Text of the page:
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"Both sides emphasised a very honest version of the past." President Higgins returns home after UK visit

The President’ plane touched down in Baldonnel shortly after 6pm this evening.

Martha Wainwright 6, presents flowers to Irish President Michael D. Higgins and his wife Sabina Higgins
Martha Wainwright 6, presents flowers to Irish President Michael D. Higgins and his wife Sabina Higgins
Image: Joe Giddens

PRESIDENT MICHAEL D Higgins is back on Irish soil after his historic visit to the United Kingdom.

The President’s plane touched down in Casement Aerodrome, Baldonnel shortly after 6pm this evening to conclude four-days of official events that marked the first trip by an Irish President to the UK.

President Higgins’ final official event took place in Coventry this afternoon where he spoke to members of the Irish community in the west-midlands city and visited Coventry Cathedral.

Speaking before he left for Ireland this afternoon, the President said that he felt there was a certain honesty about shared history that shone through during the course of his visit.

“It confirmed to me that we weren’t just going through the motions of a formal visit but that there was a great interest in carrying things forward. We discussed necessity of being continually vigilant.”

Both sides emphasised a very honest version of the past. There was no attempt in any of the the speeches from either side to effect some kind of amnesia that wouldn’t have authenticity. It was a facing up to the fact that you do have different versions of similar events.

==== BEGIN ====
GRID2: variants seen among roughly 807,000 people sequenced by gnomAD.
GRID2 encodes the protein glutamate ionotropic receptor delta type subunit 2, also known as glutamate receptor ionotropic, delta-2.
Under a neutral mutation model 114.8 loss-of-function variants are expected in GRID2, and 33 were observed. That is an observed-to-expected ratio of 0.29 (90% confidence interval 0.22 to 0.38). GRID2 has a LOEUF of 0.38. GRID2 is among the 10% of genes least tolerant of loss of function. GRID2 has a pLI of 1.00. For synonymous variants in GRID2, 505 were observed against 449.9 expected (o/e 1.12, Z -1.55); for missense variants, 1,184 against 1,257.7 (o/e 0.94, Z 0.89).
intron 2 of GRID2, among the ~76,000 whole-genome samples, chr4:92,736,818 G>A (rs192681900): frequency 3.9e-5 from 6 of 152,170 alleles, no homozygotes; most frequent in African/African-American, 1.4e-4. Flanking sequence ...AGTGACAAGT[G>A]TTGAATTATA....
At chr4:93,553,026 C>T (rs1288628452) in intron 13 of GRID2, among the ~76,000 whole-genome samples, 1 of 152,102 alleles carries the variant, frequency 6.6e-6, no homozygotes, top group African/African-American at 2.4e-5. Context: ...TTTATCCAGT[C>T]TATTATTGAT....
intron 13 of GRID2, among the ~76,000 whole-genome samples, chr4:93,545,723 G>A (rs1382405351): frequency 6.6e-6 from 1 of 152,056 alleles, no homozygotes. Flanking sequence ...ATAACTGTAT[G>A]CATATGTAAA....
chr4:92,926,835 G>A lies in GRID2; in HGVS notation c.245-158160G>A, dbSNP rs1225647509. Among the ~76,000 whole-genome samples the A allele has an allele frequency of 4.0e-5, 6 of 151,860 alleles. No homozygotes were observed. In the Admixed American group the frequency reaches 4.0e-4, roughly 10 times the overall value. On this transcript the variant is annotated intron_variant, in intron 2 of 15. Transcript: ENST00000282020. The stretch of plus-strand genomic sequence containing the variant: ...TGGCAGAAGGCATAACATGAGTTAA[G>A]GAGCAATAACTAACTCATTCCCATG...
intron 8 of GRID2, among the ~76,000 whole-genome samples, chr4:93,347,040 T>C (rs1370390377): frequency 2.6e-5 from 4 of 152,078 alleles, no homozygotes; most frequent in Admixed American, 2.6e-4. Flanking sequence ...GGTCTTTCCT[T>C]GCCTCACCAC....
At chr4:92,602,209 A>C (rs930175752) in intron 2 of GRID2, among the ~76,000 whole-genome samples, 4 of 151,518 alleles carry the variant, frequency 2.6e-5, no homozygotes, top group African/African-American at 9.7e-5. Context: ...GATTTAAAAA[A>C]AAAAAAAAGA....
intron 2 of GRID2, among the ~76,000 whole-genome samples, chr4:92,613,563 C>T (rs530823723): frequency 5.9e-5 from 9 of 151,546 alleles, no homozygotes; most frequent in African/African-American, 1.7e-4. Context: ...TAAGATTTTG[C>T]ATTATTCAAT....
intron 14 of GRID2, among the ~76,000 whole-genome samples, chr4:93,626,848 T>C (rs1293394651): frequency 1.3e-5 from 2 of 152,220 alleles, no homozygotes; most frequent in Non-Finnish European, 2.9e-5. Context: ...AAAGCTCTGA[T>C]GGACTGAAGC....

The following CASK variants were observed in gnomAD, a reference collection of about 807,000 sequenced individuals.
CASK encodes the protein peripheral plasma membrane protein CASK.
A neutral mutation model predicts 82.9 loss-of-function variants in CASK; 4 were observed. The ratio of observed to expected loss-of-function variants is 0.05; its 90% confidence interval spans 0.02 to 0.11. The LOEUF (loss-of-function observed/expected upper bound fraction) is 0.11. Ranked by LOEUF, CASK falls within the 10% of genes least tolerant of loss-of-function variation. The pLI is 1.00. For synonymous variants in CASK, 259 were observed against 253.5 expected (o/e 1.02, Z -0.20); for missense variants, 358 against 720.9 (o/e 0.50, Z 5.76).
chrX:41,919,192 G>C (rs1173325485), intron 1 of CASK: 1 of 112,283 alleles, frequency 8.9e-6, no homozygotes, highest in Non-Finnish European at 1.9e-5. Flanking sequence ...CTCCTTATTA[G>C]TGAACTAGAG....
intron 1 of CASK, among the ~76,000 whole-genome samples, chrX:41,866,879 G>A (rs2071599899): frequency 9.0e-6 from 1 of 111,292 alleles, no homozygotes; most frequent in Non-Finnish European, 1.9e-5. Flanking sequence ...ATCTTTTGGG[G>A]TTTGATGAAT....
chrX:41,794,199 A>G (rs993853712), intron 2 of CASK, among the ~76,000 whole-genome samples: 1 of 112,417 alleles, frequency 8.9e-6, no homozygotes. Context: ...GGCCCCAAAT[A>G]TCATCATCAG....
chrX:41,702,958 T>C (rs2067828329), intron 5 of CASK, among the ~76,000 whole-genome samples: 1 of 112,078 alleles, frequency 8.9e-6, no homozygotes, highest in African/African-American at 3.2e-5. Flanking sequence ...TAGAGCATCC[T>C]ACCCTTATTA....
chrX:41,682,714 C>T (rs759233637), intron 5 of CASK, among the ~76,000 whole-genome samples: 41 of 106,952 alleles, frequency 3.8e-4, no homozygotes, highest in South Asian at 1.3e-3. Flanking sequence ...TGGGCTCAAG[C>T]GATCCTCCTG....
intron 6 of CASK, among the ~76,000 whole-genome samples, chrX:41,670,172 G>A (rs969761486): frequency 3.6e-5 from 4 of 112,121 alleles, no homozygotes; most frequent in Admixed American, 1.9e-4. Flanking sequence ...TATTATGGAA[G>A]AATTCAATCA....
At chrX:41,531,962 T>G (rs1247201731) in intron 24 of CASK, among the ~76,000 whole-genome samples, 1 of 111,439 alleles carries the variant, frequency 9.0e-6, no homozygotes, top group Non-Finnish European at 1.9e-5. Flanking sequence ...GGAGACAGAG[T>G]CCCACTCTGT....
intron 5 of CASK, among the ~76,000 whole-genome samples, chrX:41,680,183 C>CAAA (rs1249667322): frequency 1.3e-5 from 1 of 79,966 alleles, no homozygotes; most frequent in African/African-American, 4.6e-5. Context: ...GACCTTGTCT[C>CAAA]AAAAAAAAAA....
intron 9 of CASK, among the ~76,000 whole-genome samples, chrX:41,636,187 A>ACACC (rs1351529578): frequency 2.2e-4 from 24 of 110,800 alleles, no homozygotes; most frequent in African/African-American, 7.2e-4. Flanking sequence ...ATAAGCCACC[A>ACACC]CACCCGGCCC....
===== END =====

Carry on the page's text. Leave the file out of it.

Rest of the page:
“We’re not required to be sentimental about each other all of the time. What we know is that we love having a laugh at each other but it’s even more important to have a laugh at yourselves, ” he added later when once again touching on the subject of openness.

President Higgins state visit to Britain - Day Five Britain's Queen Elizabeth II and Prince Philip, Duke of Edinburgh, bid farewell. Source: LEON NEAL

The President was also asked about the invitation that was extended and accepted to members of the British Royal Family to participate in the commemorations of the 1916 Rising.

He said that he felt that shared grief is a part of the process.

“The presence of commemorations as organised by the Irish government are matters for the Irish Government but I haven’t the slightest difficulty in recognising shared grief, in recognising the personal actions are based on ethics of the highest kind.”

President Higgins also acknowledged the significance of the presence of Norther Ireland First Minister Martin McGuinness at the banquet at Windsor Castle on Tuesday:

It was very important that all of those who were invited by their hosts participated fully in all of the events. I think that we would only have to speculate, as your good selves would have in the media, of what it would have been like if we were here at the end of a visit and we were explaining absences rather than presences.

Read: So, see you soon? President Higgins and the Queen say goodbye >

Read: Take Two: The Queen and Martin McGuinness shake hands at Windsor >

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Rónán Duffy

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